This post links to a videos that form a series for people grappling with the many challenges of analysing qualitative data. To me analysis is by far the hardest but also most rewarding part of research. One thing I have learned over the many years is that there are no short cuts! Good analysis has to take time. Lots of time. Time with your data. So you won’t find tips and strategies for a quick outcome or cutting corners. I focus on ideas that are relatively simple to grasp but profound in their implications, while avoiding areas that are covered extensively in textbooks and methods literature. The videos are relatively short, and I will embed pictures of any slides that appear in the videos here.
You can use these links to skip directly to the videos:
Video 1: The messy history of working with concepts or theory in qualitative analysis Click QDA1
Video 2: What are you trying to achieve in qualitative data analysis? The, any, or an interpretation? Click QDA2
Video 3: Getting to the heart of qualitative analysis through three simple but profound questions. Click QDA3
Video 4: To interpret qualitative data – 10 ways to be wrong. Click QDA4
You can view qual analysis video 1 on youtube.
I chose this one first because it sets the scene for a process that is focused on you, the analyst, and how concepts or theoretical ideas can change what you can see in and do with your data. It doesn’t get into technical ideas about processes of applying theory. Instead it talks through what I have experienced many times now in the hard slog of coming to understand a concept, what it can do for you and what you can do with it in a particular project. Here is the slide:
This is another foundational video (video 2 on youtube), asking you to step back and think about what you’re doing in a fundamental way. Are you looking for the analysis – something objective, independent of who is doing it? Are you looking for any analysis – one of a multitude of possible subjective outcomes? Or something in between – a qualified, subjective, researcher-driven and researcher-enhanced approach (not researcher-proof)? At the end I refer to a video I made about Shenton’s article on trustworthiness in qualitative analysis.
The third in this video series is based on a paper I published with Prachi Srivastava in 2009. That paper is #OpenAccess so you can download it for free through the link I’ve provided here. We present a practical, iterative framework for qualitative data analysis based on three questions:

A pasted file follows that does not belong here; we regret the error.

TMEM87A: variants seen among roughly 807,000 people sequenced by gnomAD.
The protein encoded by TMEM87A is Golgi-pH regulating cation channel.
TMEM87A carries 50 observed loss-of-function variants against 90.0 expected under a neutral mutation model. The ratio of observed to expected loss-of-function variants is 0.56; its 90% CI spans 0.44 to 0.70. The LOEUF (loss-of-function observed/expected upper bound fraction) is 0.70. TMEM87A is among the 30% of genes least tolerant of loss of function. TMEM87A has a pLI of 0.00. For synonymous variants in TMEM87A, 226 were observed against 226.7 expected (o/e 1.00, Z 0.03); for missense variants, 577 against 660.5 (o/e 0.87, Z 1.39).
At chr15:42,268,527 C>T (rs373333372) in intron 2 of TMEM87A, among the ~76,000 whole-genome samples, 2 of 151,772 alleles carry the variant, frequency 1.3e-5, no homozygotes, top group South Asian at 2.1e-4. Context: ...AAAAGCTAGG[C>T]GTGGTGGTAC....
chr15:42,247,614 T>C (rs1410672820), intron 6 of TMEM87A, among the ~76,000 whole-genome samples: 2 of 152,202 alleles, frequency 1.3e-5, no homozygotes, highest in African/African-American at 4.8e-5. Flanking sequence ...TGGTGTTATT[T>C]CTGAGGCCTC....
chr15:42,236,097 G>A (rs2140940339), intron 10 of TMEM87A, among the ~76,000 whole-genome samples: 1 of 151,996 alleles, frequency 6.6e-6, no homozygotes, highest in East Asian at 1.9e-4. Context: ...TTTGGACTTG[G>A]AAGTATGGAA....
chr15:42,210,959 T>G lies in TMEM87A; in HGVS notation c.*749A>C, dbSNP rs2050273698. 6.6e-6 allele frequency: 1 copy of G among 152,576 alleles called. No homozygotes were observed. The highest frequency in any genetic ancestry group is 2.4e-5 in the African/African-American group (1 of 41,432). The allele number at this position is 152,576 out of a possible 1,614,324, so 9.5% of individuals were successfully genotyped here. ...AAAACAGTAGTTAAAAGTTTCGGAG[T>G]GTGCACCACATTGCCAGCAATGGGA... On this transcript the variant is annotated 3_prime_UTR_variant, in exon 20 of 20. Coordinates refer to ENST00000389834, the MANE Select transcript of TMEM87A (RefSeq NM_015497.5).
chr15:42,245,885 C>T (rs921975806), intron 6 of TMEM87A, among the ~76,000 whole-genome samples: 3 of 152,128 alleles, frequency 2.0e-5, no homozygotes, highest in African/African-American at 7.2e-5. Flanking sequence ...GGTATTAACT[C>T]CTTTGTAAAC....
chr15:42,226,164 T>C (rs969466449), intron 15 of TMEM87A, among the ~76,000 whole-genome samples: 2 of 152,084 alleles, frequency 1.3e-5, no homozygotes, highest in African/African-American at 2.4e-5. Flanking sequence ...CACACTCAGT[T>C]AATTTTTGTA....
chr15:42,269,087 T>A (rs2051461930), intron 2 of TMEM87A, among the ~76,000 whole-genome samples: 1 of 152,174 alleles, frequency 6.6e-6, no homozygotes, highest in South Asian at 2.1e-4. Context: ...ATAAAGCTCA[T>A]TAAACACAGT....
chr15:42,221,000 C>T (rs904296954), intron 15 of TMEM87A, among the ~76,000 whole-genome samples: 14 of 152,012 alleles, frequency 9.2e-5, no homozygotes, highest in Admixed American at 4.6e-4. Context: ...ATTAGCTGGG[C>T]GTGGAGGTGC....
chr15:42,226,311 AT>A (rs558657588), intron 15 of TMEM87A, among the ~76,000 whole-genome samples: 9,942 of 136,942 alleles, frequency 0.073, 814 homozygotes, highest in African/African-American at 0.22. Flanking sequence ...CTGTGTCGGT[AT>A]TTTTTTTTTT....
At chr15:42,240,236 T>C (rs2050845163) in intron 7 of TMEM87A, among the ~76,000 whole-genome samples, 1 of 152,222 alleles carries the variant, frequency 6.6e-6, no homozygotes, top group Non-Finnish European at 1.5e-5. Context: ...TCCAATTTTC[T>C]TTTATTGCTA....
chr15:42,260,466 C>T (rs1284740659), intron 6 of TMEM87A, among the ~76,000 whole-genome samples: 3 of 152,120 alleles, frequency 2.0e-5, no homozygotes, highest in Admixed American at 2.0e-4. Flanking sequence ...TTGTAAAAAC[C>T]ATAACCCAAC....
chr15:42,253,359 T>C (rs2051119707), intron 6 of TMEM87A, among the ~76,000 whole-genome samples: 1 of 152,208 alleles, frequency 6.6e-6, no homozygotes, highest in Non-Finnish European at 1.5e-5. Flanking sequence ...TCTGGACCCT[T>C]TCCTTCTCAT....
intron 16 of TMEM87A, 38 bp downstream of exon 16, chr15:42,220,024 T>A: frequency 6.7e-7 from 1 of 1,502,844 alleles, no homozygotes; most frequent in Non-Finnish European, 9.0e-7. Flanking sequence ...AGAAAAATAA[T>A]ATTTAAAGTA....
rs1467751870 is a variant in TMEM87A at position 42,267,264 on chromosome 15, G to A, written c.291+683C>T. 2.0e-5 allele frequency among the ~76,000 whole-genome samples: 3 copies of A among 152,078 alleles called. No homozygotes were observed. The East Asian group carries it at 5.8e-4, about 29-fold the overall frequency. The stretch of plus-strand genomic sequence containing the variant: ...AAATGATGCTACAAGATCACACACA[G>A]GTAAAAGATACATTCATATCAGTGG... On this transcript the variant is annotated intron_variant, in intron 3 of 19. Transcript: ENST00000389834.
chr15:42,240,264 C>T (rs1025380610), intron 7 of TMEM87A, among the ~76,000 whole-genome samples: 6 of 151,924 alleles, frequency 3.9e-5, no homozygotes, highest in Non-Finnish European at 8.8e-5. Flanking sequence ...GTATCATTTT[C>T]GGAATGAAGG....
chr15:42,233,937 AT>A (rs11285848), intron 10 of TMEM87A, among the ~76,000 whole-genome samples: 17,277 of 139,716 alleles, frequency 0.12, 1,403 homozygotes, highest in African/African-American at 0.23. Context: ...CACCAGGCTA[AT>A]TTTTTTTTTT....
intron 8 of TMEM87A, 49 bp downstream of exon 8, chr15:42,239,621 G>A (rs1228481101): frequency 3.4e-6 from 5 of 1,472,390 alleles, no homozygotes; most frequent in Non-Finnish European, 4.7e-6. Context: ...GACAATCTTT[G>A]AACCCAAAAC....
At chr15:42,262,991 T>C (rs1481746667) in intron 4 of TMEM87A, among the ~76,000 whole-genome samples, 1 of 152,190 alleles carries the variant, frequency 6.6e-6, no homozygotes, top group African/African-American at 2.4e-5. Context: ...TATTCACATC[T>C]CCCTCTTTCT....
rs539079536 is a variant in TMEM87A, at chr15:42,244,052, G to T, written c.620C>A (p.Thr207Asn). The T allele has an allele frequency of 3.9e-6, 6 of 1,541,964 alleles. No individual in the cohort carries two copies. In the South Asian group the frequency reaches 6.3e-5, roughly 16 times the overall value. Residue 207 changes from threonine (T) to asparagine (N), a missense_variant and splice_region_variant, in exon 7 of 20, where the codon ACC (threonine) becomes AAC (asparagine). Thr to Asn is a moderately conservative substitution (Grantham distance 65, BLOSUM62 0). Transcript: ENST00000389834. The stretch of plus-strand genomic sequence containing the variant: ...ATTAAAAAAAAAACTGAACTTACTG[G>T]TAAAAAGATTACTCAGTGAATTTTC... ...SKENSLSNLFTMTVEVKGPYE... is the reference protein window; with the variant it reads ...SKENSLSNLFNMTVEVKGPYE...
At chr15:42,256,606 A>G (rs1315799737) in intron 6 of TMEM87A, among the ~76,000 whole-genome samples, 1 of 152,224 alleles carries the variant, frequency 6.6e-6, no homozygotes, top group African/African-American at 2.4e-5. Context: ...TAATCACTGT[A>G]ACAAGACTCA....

- What are the data telling me?
- What do I want to know?
- What is the dialectical relationship between what the data are telling me and what I want to know?
This framework (and I do say so myself!) embodies a parsmionious quality: it is simple, but deceptively so. Only three questions, but as the paper suggests, these strike at the heart of a number of important issues. These include questions relating to whether you are seeking an objective researcher-proof analysis (we assume not, hence the ‘me’ and ‘I’ in the questions), and the relative balance between grounded and theoretically informed approaches.
The paper has been cited over 180 times (you can see the details through google scholar) by people from around the world, and in a wide range of disciplines. So hopefully there is something useful in it for many readers of this blog too! The accompanying video gives a quick introduction, but the meat is really in the paper.
This video is inspired by one of my favourite academic books of all time: To interpret the earth – ten ways to be wrong by Stanley A Schumm. That book is about geomorphology (describing physical landscapes and the processes that shape them). I read it as a undergraduate in geography.
What’s good about it is it urges caution, it prevents accidental arrogance or misplaced confidence in the claims we make about the world. I think the same is of value to those of us trying to make sense of the social world, particularly through qualitative data.
In brief the 10 ways to be wrong are in three groups:
To do with scale and place: Time, Space, Location
To do with cause and effect: Convergence, Divergence, Efficiency, Multiplicity
To do with system response: Singularity, Sensitivity and Complexity.